“And you’re not getting stepped on every thirty seconds.”
She offered a tentative smile. Marie was out of practice making friends and didn’t quite know how to start, or even if she should.
She wasn’t sure what to say when the girl mentioned some of the pros and cons of their location; did she mean cooler temperature or cooler…cooler? She thought it was the latter (after all, she was ‘cool’ so just being in her presence made everything cooler – not to mention the interesting view) but it was hard to know. When the girl mentioned getting stepped on, though, she knew she was in familiar territory.
“That’s why I came up here. Too many people.”
A swing of her leg, and then she added, hastily, “But a little company is nice. Thanks for coming up, I really didn’t want to climb down yet.” She was ignoring the real reason for the girl’s visit – to return a shoe she had accidentally-on-purpose dropped (a task which would have been easier were there fewer nagging voices in her head) – in favor of having a nice chat. It felt good to be outside, free of shoes, humidity soaking into her skin and a friendly stranger at her side.
“We could take over the whole city – everyone looks so small from here.” She turned and waved an imperious hand toward the crowd. “Bow down, puny mortals, before Theodosia the Barefoot and…” Sputtering, her flight of fancy left her, and her tone went sheepish. “Goodness, I don’t know your name.”
At first the other girl’s words startled her. But then she recognized them as humor and giggled shyly. From their vantage point the rest of the festivalgoers did look rather like Lilliputians and it was a fun idea to play with.
“Marie.” She hesitated trying to come up with something to match Theodosia’s title. “Marie Mighty Scaler of Towers.”
It wasn’t very good but she was out of practice being frivolous with people her own age.
There was an extended applause when the song was complete, and cheering when the group on stage thanked them all for coming out. After that it appeared they were getting ready for the next band to play, and the crowd went back to their wandering. Some were trying to make their way to a tee shirt stand, where a girl with bright pink hair was holding a fistful of money in one hand and flinging out merchandise with the other. Somewhere, a lone guitar was picked and strummed, but up there Theo could only hear the occasional twang. She could see the top of a police officer’s hat, and tensed until she saw him get into his car that blocked off one end of the street. It would have been nice if he drove away but she supposed he was guarding that intersection to make sure no one bothered the pedestrians.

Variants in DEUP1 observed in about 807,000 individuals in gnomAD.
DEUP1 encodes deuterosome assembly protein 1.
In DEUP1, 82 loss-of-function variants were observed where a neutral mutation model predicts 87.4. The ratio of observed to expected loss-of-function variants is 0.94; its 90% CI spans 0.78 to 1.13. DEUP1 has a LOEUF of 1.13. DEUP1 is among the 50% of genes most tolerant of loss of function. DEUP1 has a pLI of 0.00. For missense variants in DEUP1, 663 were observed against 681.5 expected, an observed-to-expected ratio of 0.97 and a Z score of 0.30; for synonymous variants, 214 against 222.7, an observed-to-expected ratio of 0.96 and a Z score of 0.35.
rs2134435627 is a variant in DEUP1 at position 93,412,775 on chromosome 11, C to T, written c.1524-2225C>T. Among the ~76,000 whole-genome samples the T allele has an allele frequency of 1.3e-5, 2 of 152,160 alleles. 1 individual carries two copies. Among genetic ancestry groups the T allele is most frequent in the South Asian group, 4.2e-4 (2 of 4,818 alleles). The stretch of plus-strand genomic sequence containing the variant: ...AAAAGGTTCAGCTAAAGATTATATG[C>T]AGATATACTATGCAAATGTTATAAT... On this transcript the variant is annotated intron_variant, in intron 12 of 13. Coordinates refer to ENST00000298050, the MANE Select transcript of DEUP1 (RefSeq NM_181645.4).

Theo didn’t care for cops. They tended to ask rude questions and try to order her around. She was sure they were lying when they told her their made-up rules and ‘laws’. And if you didn’t do what they wanted, they got mean.
The scaffolding shook a little and Theo looked down, frowning. Below, a young man was stumbling along, occasionally grabbing onto the supports to keep from tipping over. He happened to look up just as she was looking down, and leered.
‘Heeeeey girrrrls! Heeeeey!’
Theo rolled her eyes and turned to Marie.
“Gross. He’s probably pickled by now, he’s so drunk.”
Marie said vaguely. She’d heard Ambrose practice with the blues rock fusion band and had developed a fondness for the sound. Although she didn’t like the band’s female drummer and she stayed well out of range of the other members. Truthfully she preferred listening to the band when Ysabelle was about, it felt safer. She wondered a bit why the Moochers weren’t playing here and couldn’t come up with a reason. Maybe she’d ask Ambrose later. Maybe not.
Theodosia seemed content to people watch, which was good for Marie who wasn’t very good at small talk. She probably would have eventually said something but the lush at the base of the scaffolding saved her from that. She’d been feeling semi safe up here and his words and the leer made her jump and back away from the edge. She still harbored a distrust of strange men.
“It’s disgusting. I’ve never understood why people do that to themselves.”
He rattled the scaffolding, just a bit not enough to even seriously shake it. It was a bit scary, what if he decided to come up? Without thinking about it Marie picked up the shoe Theodosia had dropped and she’d returned and threw it at him with great force hitting him in the head.
She might be young but she could put a fair amount of confidence and the tone of command into her voice. She only hoped he’d take the hint. It was that or throw another shoe at him.
Theo wasn’t familiar, but she thought the name was fun, and grinned. The unpleasantness of the drunk man distracted her from further inquiry, though. She heartily agreed with Marie’s assessment; it was such a waste of healthy human blood, tainting it like that.
“He ought to be ashamed.”